The steamboat was everywhere a century ago - a workhorse in the harbor, a freight carrier on the high seas, a passagemaker and explorer carrying civilization along on its journey of progress.
But it was also used for fun. Indeed, such is the case in this photo taken in the 1890s on the Thames River near New London, Conn.
The parasols, white dresses and Sunday hats - even the children are gaily garbed - mark this as a holiday or weekend, and it's likely the crowd on the heavily laden dock has gathered for that summertime staple that was as much a part of the season as the ice cream social: the steamer excursion.
It's a scene that was repeated around the country, from Chesapeake Bay to San Francisco Bay, from Lake Michigan to the Florida Keys. The 1890s were perhaps the halcyon days of the excursion steamer. Summer travel was increasing, and day and overnight trips "upon the salt water" were becoming increasingly popular - a pleasant alternative to a horse-and-buggy ride on a hot, dusty road.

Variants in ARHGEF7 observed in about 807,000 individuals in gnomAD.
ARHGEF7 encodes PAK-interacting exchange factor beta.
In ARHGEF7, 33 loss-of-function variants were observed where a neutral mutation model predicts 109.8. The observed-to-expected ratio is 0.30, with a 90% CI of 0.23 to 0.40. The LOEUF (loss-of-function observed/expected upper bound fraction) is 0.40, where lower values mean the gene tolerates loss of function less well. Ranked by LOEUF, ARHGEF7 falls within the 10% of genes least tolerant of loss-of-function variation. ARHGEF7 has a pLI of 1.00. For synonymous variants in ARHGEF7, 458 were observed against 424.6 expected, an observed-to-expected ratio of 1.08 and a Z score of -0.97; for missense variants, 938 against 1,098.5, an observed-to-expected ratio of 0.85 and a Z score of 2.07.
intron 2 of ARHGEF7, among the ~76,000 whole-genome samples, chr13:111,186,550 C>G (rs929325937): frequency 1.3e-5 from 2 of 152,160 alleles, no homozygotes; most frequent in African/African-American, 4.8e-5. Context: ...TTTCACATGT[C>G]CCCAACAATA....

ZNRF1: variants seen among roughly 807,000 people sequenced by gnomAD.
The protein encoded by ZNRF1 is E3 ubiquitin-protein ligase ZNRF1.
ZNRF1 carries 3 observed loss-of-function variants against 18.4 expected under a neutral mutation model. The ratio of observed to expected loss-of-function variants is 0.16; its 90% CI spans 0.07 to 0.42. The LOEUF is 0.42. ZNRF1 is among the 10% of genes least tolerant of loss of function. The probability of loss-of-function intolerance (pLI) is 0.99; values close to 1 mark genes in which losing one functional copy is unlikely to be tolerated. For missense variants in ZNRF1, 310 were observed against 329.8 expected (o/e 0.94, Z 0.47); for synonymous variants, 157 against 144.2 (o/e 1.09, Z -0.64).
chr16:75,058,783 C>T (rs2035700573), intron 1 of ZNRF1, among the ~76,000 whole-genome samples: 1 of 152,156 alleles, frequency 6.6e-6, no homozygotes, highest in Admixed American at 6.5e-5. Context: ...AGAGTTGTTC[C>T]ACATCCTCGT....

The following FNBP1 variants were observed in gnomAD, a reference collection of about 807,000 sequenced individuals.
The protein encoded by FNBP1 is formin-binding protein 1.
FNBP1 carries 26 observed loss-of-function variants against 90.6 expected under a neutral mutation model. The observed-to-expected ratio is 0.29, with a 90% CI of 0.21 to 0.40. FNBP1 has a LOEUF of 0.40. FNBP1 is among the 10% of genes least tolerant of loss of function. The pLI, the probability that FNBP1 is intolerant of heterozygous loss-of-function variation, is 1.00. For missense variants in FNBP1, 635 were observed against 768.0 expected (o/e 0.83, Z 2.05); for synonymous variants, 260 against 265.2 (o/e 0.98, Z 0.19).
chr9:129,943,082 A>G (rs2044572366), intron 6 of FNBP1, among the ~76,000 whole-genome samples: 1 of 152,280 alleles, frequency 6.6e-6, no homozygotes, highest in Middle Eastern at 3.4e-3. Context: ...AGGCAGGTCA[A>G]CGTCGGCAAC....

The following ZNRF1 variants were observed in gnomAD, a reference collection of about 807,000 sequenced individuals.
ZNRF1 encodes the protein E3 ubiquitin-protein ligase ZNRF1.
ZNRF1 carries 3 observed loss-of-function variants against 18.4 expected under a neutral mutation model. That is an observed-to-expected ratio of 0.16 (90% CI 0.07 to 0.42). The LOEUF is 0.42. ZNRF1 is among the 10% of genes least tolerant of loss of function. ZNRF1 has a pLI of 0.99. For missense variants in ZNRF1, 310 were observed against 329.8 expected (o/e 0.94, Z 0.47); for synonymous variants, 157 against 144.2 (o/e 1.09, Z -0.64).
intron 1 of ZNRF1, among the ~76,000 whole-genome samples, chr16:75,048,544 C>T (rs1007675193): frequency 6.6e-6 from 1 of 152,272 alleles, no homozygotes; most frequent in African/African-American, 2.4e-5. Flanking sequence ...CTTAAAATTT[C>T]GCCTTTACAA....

The queens of the fleet were impressive - luxurious boats, 250 feet or more in length, with such grand names as Providence, famed for opulence; Pilgrim, the "Iron Monarch of the Sound"; and the 24-knot rocket Yale.
But small country steamers such as Julia, pictured here, were beloved. These hard-working vessels served the people, plying America's rivers and bays, deep-water lakes and waterways, taking families, business groups and societies out to celebrate Independence Day, an ethnic holiday, or perhaps a wedding. Or, as one rider put it, to simply take "leisurely trips down the quiet river with the constant enjoyment of scenery on the shore ... the stately white mansions set among the trees, the small villages ... the pointing spires slipping by."
This article originally appeared in the April 2010 issue.